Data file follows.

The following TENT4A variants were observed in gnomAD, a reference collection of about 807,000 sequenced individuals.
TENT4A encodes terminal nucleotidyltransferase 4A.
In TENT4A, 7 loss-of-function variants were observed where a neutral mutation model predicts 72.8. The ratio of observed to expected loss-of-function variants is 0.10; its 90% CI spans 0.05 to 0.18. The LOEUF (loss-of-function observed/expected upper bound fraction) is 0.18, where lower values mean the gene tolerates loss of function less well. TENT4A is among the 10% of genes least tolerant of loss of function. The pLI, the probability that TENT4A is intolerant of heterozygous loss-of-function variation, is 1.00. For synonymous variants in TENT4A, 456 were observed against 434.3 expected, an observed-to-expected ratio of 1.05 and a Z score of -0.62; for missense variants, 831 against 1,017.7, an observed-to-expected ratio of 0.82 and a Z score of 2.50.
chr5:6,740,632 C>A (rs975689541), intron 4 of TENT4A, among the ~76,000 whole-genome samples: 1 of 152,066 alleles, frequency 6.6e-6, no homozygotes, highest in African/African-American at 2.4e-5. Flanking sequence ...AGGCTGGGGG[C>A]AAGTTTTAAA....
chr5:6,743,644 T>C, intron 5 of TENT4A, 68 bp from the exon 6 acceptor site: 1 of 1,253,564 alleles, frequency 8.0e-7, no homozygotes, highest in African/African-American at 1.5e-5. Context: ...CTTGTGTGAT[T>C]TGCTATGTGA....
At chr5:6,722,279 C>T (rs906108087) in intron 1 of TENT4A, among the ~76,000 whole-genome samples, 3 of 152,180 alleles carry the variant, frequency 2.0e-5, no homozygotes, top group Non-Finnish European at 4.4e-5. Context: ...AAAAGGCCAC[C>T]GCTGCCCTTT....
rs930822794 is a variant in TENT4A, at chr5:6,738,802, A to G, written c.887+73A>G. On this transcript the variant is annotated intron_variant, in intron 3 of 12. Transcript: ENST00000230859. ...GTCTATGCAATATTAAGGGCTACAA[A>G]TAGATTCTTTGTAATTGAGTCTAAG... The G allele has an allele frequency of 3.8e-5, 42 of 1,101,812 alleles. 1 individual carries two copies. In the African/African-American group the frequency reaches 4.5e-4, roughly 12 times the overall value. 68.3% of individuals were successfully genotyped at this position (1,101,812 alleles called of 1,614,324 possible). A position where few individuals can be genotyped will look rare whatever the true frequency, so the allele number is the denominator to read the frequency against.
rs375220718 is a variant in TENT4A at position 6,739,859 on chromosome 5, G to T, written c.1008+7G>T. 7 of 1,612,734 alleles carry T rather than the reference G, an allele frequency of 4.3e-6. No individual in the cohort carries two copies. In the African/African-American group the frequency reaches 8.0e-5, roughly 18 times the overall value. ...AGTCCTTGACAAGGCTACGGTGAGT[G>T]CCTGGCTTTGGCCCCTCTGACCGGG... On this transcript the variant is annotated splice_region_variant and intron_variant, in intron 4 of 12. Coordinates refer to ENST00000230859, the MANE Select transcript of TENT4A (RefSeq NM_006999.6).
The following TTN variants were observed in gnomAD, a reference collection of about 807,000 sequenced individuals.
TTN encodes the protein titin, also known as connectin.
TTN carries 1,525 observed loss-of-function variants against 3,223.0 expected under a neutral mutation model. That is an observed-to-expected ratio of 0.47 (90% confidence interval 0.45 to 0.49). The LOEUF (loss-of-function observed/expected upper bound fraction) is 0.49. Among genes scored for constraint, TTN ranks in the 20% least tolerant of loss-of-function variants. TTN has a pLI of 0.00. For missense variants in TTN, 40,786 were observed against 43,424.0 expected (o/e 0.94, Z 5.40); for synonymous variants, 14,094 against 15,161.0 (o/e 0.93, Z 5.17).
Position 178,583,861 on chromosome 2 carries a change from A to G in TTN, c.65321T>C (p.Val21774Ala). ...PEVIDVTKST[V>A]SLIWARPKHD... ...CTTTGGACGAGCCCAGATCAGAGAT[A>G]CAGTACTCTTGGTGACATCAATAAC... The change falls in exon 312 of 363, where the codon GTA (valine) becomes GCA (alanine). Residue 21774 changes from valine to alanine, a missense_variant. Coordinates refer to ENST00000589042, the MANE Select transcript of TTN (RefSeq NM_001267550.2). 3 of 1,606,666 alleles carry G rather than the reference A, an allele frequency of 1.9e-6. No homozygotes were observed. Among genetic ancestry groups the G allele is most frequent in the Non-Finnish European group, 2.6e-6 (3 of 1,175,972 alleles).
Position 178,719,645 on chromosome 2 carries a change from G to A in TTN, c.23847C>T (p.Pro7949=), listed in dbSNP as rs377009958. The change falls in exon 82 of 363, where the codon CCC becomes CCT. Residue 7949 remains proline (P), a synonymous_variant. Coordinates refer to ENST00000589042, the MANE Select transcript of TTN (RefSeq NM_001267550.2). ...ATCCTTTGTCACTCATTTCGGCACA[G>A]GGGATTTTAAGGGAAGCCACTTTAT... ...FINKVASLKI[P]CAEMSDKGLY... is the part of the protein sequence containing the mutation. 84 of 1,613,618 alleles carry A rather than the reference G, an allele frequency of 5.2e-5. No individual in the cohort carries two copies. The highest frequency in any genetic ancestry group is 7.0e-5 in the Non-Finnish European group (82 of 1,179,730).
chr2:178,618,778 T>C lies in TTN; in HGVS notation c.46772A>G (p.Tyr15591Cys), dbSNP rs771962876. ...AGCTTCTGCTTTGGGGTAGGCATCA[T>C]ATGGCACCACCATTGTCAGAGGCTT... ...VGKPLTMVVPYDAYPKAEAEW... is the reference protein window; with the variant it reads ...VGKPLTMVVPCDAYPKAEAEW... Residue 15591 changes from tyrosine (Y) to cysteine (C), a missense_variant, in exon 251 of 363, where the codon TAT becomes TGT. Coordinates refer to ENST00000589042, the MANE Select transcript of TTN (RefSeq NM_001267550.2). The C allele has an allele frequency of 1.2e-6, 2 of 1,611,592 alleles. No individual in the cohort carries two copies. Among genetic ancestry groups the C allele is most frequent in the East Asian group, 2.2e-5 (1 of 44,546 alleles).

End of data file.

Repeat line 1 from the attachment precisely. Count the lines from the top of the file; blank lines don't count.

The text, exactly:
The following TENT4A variants were observed in gnomAD, a reference collection of about 807,000 sequenced individuals.